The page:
Cabaero: This Holy Week

Nini Cabaero
·3 min read

WE COULD say we know how it is to spend the Holy Week during a pandemic since we already had restrictions on movement about the same time last year.

But, no, a second Holy Week under a community quarantine order by the government is as unique as it can get. It will be a different kind of Holy Week.

I remember last year that churches were still open until the start of the enhanced community quarantine (ECQ) in Cebu City that took effect at noon on March 28, 2020, or a year ago today. My family and I had time to go to mass and seek general absolution before the lockdown.

Holy Week last year was from April 5 to 12. This year it begins with Palm Sunday today, March 28, 2021, and ends on Easter Sunday on April 4. While there was time to go to church last year before Holy Week, the restriction on church activities this year is already in place and being implemented.

Masses will continue in Cebu City churches per their own schedules, but activities such as the penitential rite or general absolution, Way of the Cross, Visita Iglesia, Siete Palabras and the celebration of the Lord’s Passion and Easter celebration will be done online. The Visita Iglesia, or visits to at least seven different churches on Holy Thursday, is a popular Holy Week tradition that will also be done online. (Check out the Basilica Minore del Sto. Niño de Cebu account on Facebook for its schedule.)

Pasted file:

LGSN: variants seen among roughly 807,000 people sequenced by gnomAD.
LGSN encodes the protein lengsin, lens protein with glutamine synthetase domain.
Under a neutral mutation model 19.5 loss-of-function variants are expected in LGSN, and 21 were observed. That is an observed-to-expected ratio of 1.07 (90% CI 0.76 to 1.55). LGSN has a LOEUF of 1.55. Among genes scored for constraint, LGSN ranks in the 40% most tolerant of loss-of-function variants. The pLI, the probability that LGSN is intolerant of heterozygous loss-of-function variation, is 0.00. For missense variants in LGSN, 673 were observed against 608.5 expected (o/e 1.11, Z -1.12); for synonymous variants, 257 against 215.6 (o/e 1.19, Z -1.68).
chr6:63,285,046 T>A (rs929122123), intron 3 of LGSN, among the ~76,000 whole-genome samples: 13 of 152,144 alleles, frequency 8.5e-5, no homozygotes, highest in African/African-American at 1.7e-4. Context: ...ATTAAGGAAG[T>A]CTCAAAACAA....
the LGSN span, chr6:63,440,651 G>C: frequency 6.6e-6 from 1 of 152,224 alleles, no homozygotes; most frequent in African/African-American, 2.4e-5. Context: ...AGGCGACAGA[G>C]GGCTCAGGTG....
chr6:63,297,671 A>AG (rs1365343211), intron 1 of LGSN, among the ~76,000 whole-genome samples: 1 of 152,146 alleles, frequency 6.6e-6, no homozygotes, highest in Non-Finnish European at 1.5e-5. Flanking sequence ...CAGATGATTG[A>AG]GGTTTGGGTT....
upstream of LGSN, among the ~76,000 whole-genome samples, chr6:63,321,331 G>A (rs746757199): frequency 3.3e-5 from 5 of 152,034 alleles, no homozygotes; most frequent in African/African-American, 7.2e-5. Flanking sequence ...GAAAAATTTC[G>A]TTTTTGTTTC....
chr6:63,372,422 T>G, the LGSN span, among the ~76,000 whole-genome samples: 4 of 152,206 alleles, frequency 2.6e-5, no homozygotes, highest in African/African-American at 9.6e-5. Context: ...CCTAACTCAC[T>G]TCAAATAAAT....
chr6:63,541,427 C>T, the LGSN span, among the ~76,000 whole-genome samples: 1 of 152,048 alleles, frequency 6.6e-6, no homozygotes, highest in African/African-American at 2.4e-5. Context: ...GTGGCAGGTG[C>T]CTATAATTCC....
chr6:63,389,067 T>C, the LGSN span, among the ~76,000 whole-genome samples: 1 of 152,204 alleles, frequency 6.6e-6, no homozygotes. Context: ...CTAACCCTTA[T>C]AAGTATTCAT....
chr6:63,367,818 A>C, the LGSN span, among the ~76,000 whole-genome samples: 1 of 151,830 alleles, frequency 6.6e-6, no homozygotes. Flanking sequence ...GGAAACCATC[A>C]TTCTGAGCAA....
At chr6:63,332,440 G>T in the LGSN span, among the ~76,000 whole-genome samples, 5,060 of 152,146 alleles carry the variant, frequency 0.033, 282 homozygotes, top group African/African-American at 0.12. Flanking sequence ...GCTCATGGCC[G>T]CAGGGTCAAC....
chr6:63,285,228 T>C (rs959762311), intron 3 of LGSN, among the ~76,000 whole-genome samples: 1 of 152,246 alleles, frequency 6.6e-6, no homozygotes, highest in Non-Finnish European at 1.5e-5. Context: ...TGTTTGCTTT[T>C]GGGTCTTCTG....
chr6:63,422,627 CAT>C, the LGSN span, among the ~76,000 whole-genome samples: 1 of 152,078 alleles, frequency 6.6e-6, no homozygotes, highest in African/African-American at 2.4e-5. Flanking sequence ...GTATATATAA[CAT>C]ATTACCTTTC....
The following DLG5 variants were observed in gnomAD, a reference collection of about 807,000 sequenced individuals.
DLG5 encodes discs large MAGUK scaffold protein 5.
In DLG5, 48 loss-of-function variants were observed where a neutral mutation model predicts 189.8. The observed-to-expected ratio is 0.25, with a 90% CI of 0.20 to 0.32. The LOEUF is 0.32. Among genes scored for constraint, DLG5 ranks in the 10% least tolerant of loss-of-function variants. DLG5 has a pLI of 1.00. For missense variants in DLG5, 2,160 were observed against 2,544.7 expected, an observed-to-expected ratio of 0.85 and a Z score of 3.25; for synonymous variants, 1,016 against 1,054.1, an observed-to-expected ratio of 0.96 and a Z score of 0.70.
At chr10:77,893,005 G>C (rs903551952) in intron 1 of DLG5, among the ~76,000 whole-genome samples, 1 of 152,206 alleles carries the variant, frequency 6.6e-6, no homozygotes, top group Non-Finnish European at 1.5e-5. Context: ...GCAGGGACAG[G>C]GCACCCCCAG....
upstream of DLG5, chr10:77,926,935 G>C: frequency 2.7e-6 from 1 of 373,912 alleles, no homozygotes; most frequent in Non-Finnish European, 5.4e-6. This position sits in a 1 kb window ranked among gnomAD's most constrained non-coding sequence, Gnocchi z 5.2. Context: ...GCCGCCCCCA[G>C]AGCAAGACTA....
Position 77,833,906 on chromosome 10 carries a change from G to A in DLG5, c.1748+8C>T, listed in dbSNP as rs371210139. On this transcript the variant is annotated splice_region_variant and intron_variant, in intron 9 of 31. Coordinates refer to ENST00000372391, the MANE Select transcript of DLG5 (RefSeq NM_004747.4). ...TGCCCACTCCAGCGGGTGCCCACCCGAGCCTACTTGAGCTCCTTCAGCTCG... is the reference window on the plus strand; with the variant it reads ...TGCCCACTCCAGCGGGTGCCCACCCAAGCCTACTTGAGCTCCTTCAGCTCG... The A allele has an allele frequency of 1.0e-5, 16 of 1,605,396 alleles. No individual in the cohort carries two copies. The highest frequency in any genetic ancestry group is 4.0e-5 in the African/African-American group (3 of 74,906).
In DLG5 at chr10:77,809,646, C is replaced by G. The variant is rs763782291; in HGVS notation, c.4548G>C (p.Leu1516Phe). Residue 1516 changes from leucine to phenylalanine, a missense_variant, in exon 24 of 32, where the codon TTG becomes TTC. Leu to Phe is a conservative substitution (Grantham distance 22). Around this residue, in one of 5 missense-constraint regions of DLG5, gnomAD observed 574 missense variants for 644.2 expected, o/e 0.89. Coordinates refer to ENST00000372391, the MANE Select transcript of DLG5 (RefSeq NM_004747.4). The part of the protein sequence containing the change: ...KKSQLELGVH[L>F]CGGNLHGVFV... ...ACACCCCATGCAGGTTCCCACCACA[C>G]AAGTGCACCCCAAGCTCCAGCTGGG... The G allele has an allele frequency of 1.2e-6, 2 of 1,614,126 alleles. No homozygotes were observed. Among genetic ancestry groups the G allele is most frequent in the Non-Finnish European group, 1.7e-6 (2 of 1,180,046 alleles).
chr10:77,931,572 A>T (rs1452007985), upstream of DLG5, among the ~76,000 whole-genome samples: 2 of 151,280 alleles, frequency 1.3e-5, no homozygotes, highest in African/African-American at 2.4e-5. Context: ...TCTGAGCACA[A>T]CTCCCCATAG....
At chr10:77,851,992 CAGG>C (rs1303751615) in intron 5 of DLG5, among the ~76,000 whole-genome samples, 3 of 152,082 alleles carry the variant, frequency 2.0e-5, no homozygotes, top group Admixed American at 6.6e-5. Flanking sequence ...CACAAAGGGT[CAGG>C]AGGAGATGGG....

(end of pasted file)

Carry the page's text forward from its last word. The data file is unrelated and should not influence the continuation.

Cebu City is fortunate to still be allowed to hold masses, including on Easter Sunday, because churches at the National Capital Region plus nearby areas were allowed to say only one mass a day from April 1 to 4 with the number of participants limited to 10 percent of capacity. The Inter-Agency Task Force for the Management of Emerging Infectious Diseases that is leading the country’s coronavirus disease (Covid-19) response also said live singing should be disallowed during mass, no screens outside to show the mass as these would encourage people to flock outside churches, and that a reservation system be implemented to ensure they limit the number of people inside churches.

The other difference this year compared to last year’s locked-down Holy Week is that, aside from strict regulations for churches, there too are rules governing who and when people can go to beach resorts in Lapu-Lapu City.

Lapu-Lapu City Mayor Junard Chan prohibited going to the beach in the city from Holy Monday, March 29, to Easter Sunday, April 4 without prior bookings in hotels and resorts. These are the days when people pre-pandemic went to the beach for summer vacation and work holidays. The prohibition covers going to either public or private beaches.

With clearer and stricter restrictions this Holy Week compared to last year, the outcome would hopefully be different and the spread of the Covid-19 virus better controlled.

This year’s Holy Week could provide the occasion for a deeper understanding of what’s important to us. Life, health, family, and our faith.